The 2014 NBA All-Star Weekend is upon us, meaning the best in the game are gathering in one place and, in the absence of any meaningful basketball contests, feel the insatiable need to ponder their places in history.
Miami Heat forward LeBron James has been in a contemplative mood ever since word leaked of his "Mount Rushmore" comments in an interview with NBA TV's Steve Smith (full interview to be aired on Feb. 17).
But James isn't merely content with getting his face chiseled on some metaphorical four-player mountain. He has his eyes on a greater prize, per Sports Illustrated's Ben Golliver:
"There's no reason I can't be number one." LeBron James on Mount Rushmore and GOAT debate— Ben Golliver (@BenGolliver) February 14, 2014
Technically, he has a point: There's no reason he can't eventually be the greatest player of all time. His career has been on a nonstop upward trajectory since he was chosen No. 1 overall out of high school in the 2003 draft.
Since that time, he has been named to 10 All-Star teams, won Rookie of the Year, four MVPs, two All-Star Game MVPs, two Finals MVPs, four Eastern Conference championships and two NBA championships.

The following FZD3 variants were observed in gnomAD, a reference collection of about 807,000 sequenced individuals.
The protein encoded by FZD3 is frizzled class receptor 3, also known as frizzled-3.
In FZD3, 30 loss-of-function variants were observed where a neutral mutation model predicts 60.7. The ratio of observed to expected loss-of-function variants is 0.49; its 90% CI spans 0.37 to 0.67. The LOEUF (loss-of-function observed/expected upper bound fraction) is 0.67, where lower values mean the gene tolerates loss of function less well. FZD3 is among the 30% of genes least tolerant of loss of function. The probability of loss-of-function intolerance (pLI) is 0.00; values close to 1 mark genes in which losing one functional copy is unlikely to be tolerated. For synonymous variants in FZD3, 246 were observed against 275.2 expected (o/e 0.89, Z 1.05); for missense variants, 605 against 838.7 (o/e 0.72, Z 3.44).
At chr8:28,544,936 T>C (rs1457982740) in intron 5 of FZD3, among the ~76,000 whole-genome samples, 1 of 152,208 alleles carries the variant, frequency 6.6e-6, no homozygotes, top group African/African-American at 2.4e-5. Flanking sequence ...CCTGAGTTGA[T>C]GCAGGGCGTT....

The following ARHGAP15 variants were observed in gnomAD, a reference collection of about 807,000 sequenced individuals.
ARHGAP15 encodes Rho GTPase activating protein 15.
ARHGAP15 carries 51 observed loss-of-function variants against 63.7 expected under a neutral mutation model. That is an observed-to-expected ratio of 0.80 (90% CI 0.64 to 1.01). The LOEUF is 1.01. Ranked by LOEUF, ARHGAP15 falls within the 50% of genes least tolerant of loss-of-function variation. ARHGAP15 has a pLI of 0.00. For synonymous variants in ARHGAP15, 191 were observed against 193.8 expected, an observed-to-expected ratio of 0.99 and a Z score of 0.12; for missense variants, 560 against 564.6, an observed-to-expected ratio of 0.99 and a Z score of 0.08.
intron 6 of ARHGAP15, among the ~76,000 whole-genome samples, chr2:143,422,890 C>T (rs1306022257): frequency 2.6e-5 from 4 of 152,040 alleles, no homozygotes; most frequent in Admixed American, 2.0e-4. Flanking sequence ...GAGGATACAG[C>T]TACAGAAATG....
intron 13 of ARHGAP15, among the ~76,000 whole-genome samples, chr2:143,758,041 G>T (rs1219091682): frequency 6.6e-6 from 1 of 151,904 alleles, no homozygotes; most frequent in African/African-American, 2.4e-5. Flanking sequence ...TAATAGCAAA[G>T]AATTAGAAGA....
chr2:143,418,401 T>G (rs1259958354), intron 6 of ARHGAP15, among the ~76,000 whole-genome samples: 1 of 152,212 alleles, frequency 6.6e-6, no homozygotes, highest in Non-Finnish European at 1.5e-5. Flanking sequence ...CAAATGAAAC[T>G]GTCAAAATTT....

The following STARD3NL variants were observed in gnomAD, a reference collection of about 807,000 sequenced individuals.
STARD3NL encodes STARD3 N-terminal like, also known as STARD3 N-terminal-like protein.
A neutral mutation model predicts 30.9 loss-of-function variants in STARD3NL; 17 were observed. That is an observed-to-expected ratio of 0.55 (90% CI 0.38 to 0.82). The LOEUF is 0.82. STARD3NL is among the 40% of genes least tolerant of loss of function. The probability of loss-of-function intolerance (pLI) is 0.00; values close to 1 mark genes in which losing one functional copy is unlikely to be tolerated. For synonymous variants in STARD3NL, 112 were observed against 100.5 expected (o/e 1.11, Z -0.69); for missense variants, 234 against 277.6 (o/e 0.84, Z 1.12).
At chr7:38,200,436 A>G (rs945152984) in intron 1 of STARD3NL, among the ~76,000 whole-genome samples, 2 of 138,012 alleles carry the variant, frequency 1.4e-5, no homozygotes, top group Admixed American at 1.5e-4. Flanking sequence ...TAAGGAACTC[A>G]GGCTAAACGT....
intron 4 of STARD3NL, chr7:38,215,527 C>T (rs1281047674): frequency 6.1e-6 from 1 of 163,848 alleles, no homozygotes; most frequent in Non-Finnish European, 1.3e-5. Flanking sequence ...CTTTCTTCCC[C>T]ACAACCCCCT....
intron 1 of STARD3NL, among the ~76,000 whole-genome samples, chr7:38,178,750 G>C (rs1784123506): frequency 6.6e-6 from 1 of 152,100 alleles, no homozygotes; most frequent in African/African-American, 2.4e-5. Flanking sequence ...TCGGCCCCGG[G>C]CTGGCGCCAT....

Of course, there is still a fellow by the name of Michael Jordan who might have something to say in the argument. According to Basketball-Reference, Jordan still beats out James in career player efficiency rating, 27.91-27-72, even before taking into account the 6-2 NBA title discrepancy.
But Jorge Sierra of HoopsHype.com (via USA Today) makes a compelling argument for James' eventual success: "LeBron may be a Top 5 all-time player already and he's just entering the second half of his pro career. So you do the math."
If he can avoid injury and apathy, James has a legitimate chance to go down as the greatest player in NBA history. Now, if he could only stop talking about it, and get back to doing it.